Scab

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Scab

A pejorative term used colloquially in reference to a nonunion worker who takes the place of a union employee on strike or who works for wages and other conditions that are inferior to those guaranteed to a union member by virtue of the union contract.

Cross-references

Labor Union.

See: pariah
References in periodicals archive ?
Infection is characterised by raised scab like crusts (How et al.
In laboratory experiments, the human cells involved in healing quickly attached to the membrane and lined up like those in actual scabs.
For us, the aim of the article was scab removal; it was not deemed necessary to expound upon a second topic that we considered common knowledge for anyone working in health care.
Conservative governments, in power at both state and federal level in the three states, promised the scabs preference and protection.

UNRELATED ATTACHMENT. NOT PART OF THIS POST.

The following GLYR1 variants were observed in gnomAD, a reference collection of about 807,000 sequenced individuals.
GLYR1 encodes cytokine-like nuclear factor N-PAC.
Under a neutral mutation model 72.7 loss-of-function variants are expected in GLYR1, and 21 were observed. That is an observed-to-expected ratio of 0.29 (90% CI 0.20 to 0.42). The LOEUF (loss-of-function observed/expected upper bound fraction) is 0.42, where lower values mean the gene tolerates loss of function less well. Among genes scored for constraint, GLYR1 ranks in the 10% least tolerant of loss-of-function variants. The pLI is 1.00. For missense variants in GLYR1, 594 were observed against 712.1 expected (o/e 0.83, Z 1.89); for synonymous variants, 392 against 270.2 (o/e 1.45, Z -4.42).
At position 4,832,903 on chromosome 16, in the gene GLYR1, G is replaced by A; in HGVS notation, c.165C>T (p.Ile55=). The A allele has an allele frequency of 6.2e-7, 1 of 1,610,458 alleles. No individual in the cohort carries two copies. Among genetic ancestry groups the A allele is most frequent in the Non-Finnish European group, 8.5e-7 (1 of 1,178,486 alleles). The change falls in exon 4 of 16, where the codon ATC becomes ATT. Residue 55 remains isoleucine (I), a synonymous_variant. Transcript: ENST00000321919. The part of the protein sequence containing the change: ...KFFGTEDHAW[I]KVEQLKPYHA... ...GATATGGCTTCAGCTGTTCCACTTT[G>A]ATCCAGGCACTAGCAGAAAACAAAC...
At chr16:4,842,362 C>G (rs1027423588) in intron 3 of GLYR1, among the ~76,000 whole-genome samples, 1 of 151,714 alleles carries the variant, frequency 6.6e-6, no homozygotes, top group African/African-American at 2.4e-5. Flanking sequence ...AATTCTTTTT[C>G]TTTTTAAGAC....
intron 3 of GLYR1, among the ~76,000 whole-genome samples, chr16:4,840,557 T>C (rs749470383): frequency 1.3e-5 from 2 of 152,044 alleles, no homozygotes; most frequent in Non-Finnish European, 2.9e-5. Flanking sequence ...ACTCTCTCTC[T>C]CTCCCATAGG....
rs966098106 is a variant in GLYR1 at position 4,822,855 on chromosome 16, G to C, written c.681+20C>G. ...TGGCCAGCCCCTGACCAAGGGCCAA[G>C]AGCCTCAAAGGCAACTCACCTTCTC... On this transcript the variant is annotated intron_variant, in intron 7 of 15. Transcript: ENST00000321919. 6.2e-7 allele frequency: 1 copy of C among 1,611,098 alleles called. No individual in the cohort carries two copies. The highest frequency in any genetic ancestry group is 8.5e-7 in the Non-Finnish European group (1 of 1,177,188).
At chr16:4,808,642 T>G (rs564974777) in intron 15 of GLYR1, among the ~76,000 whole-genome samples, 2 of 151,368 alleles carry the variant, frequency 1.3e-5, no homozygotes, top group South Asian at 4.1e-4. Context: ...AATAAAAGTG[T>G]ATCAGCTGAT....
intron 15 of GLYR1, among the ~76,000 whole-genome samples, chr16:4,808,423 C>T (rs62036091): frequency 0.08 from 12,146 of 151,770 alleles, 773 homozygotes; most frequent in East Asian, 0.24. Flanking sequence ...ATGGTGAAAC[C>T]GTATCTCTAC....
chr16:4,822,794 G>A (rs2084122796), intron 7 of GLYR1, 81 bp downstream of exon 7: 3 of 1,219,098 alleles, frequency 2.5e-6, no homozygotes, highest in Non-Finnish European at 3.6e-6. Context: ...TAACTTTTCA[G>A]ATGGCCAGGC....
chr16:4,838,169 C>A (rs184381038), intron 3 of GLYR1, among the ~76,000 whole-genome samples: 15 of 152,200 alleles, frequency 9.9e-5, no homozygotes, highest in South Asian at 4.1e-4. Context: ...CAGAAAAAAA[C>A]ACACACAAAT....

He suffered constant abuse from fans at away grounds who would shout scab after he defied pickets to work at the Monktonhall Colliery in Midlothian.
Hearst and Pulitzer think that they can break us by hiring more scabs.
A pre-school child should not return to nursery or playgroup until the scabs have fallen off and they are no longer contagious.
These outbreaks were likely introduced there by cotton imported from Egypt, where months before it had been contaminated with smallpox scabs (7).
Susanne Caro, the librarian at the College of Santa Fe's Fogelson Library, found the scabs in an envelope inside an 1888 book on Civil War medicine written by Dr.
If they start recruiting scabs, it's a declaration of war,'' said Miguel Contreras, arguably one of the most powerful men in Los Angeles as head of the county Federation of Labor.